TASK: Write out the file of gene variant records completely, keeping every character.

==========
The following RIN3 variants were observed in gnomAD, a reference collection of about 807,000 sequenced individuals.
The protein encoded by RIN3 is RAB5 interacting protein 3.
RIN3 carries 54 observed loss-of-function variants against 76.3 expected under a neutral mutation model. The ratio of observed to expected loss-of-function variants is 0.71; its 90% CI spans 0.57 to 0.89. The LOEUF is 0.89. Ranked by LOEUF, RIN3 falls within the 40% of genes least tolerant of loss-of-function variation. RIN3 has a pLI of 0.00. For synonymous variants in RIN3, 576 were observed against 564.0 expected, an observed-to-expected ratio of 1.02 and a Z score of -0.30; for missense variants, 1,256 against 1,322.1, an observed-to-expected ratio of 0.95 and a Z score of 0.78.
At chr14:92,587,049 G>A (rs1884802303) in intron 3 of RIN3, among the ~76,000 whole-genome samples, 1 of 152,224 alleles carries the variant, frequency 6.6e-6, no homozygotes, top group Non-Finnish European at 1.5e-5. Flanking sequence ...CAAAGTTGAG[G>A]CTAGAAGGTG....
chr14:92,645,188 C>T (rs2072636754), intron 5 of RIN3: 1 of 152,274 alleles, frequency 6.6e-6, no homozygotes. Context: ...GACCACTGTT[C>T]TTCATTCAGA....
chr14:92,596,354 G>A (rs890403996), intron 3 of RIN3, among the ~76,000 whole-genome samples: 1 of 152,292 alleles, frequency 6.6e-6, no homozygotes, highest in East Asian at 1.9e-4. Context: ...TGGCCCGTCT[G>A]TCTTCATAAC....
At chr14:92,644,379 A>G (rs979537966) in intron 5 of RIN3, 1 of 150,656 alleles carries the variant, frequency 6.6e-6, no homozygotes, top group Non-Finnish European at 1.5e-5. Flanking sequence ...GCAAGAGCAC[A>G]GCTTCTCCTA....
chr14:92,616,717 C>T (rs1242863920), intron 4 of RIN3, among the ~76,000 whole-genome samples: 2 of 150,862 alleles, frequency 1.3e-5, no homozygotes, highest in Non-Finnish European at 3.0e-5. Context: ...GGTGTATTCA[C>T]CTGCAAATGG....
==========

The following RIN3 variants were observed in gnomAD, a reference collection of about 807,000 sequenced individuals.
The protein encoded by RIN3 is RAB5 interacting protein 3.
RIN3 carries 54 observed loss-of-function variants against 76.3 expected under a neutral mutation model. The ratio of observed to expected loss-of-function variants is 0.71; its 90% CI spans 0.57 to 0.89. The LOEUF is 0.89. Ranked by LOEUF, RIN3 falls within the 40% of genes least tolerant of loss-of-function variation. RIN3 has a pLI of 0.00. For synonymous variants in RIN3, 576 were observed against 564.0 expected, an observed-to-expected ratio of 1.02 and a Z score of -0.30; for missense variants, 1,256 against 1,322.1, an observed-to-expected ratio of 0.95 and a Z score of 0.78.
At chr14:92,587,049 G>A (rs1884802303) in intron 3 of RIN3, among the ~76,000 whole-genome samples, 1 of 152,224 alleles carries the variant, frequency 6.6e-6, no homozygotes, top group Non-Finnish European at 1.5e-5. Flanking sequence ...CAAAGTTGAG[G>A]CTAGAAGGTG....
chr14:92,645,188 C>T (rs2072636754), intron 5 of RIN3: 1 of 152,274 alleles, frequency 6.6e-6, no homozygotes. Context: ...GACCACTGTT[C>T]TTCATTCAGA....
chr14:92,596,354 G>A (rs890403996), intron 3 of RIN3, among the ~76,000 whole-genome samples: 1 of 152,292 alleles, frequency 6.6e-6, no homozygotes, highest in East Asian at 1.9e-4. Context: ...TGGCCCGTCT[G>A]TCTTCATAAC....
At chr14:92,644,379 A>G (rs979537966) in intron 5 of RIN3, 1 of 150,656 alleles carries the variant, frequency 6.6e-6, no homozygotes, top group Non-Finnish European at 1.5e-5. Flanking sequence ...GCAAGAGCAC[A>G]GCTTCTCCTA....
chr14:92,616,717 C>T (rs1242863920), intron 4 of RIN3, among the ~76,000 whole-genome samples: 2 of 150,862 alleles, frequency 1.3e-5, no homozygotes, highest in Non-Finnish European at 3.0e-5. Context: ...GGTGTATTCA[C>T]CTGCAAATGG....